Handmade cities

Boston - Aug 9-10 2024.
Seattle - Nov 20-22 2024.
Tickets available now

Learning Jam

March 15-17. March 22-24.
See the results.
March 15-17.
March 22-24. See the results.
Learn more

We are working to correct the course of the software industry.

We are a community of low-level programmers with high-level goals. Originally inspired by Casey Muratori's Handmade Hero, we dig deep into our systems and learn how to do things from scratch. We're not satisfied by the latest popular language or the framework of the month. Instead we care about how computers actually work.

Software quality is declining, and modern development practices are making it worse. We need to change course. Help us get the software industry back on track.

Latest News

Hello Handmade Network! 2024 has been great so far. Most notably, we held our first-ever Learning Jam in March, in which participants learn about a topic and share that knowledge with the rest of the community. We had great turnout for an experimental jam in its first year, and I’m excited to revisit it in the future.

But looking back, not everything we’ve done over the last couple years has been quite so successful. We’ve excitedly kicked off projects like our education initiative, Time Machine, even a 501c3 behind the scenes. Sadly, none of these have panned out. Making good educational resources with a Handmade flair is hard (really hard) and requires a huge time commitment from a rare type of person. Time Machine was a fun idea, but was never destined to succeed as a large community project. And the 501c3…we’ll save that for another time.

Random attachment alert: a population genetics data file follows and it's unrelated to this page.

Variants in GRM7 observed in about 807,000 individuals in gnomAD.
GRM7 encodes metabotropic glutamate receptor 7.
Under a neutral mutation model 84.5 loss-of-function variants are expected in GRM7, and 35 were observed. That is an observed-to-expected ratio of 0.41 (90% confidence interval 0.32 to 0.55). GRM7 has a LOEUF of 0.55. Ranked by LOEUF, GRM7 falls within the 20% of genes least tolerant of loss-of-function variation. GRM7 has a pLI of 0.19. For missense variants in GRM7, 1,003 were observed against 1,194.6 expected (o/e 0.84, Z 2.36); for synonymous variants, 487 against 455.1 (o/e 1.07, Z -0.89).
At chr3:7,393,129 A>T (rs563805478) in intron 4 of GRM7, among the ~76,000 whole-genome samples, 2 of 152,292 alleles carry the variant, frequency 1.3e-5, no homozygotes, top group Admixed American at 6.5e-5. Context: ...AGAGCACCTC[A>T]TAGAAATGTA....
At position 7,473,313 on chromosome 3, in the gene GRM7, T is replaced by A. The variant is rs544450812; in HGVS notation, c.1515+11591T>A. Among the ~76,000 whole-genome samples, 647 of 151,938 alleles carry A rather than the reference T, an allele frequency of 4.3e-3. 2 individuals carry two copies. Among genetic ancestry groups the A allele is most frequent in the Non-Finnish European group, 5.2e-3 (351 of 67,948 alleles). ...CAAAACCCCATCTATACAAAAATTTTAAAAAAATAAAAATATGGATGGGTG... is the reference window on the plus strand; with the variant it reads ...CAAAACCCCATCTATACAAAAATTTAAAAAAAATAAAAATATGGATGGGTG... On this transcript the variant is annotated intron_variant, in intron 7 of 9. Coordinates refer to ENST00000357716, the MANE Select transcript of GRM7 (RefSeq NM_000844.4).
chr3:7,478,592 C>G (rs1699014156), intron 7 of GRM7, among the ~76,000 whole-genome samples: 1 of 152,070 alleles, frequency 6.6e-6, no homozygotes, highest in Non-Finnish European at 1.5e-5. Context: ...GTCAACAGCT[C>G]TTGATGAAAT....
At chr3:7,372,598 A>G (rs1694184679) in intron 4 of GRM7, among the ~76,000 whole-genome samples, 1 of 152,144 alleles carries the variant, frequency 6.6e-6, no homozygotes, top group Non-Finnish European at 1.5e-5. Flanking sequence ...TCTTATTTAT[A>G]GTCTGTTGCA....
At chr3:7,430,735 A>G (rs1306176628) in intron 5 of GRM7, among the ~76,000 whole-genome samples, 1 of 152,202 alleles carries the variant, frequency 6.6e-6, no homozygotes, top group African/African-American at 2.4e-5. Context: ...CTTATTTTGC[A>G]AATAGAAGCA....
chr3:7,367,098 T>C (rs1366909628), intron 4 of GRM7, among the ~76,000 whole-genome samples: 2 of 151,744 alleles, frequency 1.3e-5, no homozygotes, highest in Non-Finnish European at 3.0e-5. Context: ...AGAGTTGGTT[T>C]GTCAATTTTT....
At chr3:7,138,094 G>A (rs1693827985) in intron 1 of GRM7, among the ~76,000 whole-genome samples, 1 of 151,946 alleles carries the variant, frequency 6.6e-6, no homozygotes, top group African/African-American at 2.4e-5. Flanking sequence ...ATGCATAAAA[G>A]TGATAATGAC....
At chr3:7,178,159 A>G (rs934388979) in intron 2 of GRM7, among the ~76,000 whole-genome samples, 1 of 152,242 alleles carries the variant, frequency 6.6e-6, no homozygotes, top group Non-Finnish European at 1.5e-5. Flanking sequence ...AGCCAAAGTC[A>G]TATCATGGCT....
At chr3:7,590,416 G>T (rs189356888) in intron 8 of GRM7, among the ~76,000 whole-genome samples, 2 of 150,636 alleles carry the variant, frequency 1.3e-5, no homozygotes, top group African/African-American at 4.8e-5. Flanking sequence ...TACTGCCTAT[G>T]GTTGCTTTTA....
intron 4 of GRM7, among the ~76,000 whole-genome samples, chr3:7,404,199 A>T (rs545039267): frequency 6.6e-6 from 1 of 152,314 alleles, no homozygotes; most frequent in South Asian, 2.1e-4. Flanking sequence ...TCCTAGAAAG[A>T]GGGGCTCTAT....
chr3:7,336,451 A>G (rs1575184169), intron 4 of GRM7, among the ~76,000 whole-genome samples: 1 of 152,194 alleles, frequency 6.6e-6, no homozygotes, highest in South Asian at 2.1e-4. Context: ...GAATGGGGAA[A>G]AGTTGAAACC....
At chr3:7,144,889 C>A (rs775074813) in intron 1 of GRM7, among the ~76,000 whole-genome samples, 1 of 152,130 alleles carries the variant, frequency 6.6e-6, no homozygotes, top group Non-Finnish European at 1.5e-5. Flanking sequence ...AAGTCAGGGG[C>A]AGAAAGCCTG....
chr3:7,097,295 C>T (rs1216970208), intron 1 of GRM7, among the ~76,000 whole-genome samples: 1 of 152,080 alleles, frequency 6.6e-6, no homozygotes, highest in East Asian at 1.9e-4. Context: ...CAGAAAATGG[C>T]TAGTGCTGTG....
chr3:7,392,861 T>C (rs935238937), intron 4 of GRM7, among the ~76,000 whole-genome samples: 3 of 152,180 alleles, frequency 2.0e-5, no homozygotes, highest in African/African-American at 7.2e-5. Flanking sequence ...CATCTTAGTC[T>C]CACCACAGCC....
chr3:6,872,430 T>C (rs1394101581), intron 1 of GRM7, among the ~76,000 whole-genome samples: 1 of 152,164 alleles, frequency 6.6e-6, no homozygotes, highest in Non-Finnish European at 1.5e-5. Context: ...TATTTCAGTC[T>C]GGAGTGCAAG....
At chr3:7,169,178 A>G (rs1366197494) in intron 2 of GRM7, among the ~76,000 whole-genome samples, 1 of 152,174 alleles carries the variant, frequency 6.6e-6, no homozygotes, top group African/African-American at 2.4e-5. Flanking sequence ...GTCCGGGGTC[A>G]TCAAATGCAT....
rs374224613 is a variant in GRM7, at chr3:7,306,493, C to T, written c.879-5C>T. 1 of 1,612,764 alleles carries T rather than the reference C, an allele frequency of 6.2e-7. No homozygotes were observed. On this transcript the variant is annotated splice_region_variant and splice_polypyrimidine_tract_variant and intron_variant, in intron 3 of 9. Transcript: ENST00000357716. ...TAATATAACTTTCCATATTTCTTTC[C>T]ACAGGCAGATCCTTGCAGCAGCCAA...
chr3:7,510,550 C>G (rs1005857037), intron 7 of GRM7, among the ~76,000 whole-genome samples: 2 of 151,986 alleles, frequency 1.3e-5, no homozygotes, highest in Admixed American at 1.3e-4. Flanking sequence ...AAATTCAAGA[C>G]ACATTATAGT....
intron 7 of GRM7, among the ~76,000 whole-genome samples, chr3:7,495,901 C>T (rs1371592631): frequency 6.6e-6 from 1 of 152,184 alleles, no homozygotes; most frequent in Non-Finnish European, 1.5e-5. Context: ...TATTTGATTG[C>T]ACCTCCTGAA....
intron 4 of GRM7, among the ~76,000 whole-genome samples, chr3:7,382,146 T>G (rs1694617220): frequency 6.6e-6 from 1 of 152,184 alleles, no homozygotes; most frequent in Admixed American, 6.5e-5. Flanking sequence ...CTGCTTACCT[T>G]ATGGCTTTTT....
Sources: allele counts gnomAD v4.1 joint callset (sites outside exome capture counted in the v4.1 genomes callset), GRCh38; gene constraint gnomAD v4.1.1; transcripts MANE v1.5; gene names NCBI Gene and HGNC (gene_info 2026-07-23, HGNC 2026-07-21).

Community members did great work on these projects, and we learned a lot, but as time passed it became clear that we were neglecting the heart of the Handmade community: projects, and the people who author them.

Handmade software is literally the point of the Handmade Network. Communities that talk about programming are a dime a dozen. But Handmade software are different. It is so fast, so capable, so lightweight, so simple, that it shocks people with what modern computers are capable of.